Alberta ranchers voice health concerns about fracking by Cam Tucker, May 7, 2014, Metro
Nielle Hawkwood began noticing about four years ago that her hair was falling out. She also began experiencing skin irritation – as did her husband, Howard — as well as nosebleeds.
Two years ago, she was diagnosed with alopecia, which causes significant hair loss.
“The dermatologist said something has affected your immune system,” said Nielle, during a visit in April to the couple’s 456-hectare cattle ranch nestled amongst the rolling brown hills north of Calgary. They have been there for 34 years and it’s been in Howard’s family since 1972.
Both Nielle and Howard believe their recent health problems are the result of an increase in fracking wells being drilled in the area — 110 in the past four years and another 39 projected for this year. The closest is four kilometers from their ranch.
They assert that the hair loss, skin irritation and nosebleeds did not exist before the rise of fracking in the area.
For its part, Lochend Industry Producers Group, which consists of four different oil and gas companies active in the area, says there has been no water contamination and that the risk of water or air contamination to people living within 10 kilometres from a fracking well is “exceedingly” small. The companies set surface casings — a concrete and steel barrier that lines the well to prevent fracking fluid from entering the ground water — to 600 metres, double the required regulatory depths in the Lochend area. As well, the group says, the productive fracking zone is approximately 2,200 metres below the ground, far below a typical water well that sits at around 45 metres deep. [These protections do nothing to protect water, livestock or citizens when fracs go wrong]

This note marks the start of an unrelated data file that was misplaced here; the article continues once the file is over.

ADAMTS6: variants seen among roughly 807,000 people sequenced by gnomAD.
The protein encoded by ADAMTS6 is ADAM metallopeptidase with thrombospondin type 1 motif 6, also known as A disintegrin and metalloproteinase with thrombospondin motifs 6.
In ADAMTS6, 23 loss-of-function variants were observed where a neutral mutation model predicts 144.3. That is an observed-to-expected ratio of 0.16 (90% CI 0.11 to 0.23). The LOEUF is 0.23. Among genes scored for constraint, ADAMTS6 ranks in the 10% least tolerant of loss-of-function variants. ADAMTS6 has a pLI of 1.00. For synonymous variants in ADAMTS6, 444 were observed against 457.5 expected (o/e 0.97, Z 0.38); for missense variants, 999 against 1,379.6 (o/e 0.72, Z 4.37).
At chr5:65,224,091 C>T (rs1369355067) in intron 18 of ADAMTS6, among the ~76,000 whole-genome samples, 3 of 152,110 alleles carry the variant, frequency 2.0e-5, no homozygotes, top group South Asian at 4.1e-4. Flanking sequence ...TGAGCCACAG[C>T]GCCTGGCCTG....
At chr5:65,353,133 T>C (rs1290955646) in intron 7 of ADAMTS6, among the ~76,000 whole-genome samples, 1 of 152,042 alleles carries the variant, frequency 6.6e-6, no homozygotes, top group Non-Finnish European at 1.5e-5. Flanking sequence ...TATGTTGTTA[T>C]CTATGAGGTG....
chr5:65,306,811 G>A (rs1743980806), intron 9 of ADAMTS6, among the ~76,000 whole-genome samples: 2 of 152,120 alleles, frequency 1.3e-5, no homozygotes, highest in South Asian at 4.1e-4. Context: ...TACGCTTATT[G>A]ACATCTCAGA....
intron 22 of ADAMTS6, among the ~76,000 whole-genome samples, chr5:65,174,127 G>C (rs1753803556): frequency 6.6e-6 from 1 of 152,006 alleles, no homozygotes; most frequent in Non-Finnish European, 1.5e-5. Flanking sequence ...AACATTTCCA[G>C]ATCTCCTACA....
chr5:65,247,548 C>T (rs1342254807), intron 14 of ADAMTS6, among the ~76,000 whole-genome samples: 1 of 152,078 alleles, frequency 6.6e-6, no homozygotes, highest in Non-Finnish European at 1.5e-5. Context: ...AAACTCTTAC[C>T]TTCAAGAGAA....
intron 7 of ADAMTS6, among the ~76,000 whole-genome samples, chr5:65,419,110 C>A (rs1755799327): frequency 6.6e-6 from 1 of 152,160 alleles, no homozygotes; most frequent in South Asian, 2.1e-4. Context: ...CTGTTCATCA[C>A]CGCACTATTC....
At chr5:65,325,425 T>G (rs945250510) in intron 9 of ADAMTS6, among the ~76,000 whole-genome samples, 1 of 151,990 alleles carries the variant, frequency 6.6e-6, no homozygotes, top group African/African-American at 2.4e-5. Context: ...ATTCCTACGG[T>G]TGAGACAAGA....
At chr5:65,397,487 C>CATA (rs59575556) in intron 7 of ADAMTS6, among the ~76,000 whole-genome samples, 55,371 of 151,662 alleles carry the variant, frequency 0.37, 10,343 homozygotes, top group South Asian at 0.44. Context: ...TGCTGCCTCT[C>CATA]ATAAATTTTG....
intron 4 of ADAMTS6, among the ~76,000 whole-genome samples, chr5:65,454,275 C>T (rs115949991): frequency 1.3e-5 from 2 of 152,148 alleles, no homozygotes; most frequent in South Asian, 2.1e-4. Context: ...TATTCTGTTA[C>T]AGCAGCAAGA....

A recent study by the Council of Canadian Academies found human health and well-being may be affected by the various environmental effects resulting from shale gas development. … Metro requested an interview with Alberta’s Ministry of Health about any health complaints near the Hawkwoods’ ranch and related to fracking, but a spokesperson was not made available.
The Hawkwoods, however, aren’t only worried about their own health. Last spring and summer, the Hawkwoods say 18 of their cows died, while seven others appeared thin and unhealthy, and did not calve.
A necropsy of one female bovine conducted last April — the document of the testing was viewed by two Metro reporters — noted the cause of death was undetermined, but the Hawkwoods believe water contamination was the cause and fracking the culprit.
The sudden deaths of some of the Hawkwood’s cows not only has a financial impact — each cow is worth about $1,800 — but one to the reputation of his ranch, as well. ….with their growing concern over health and environmental effects, the Hawkwoods have contemplated moving away from their ranch, which has been in their family for five decades.
“I’m a little bit upset about it. So where do I go? I love living in the area.” [Emphasis added]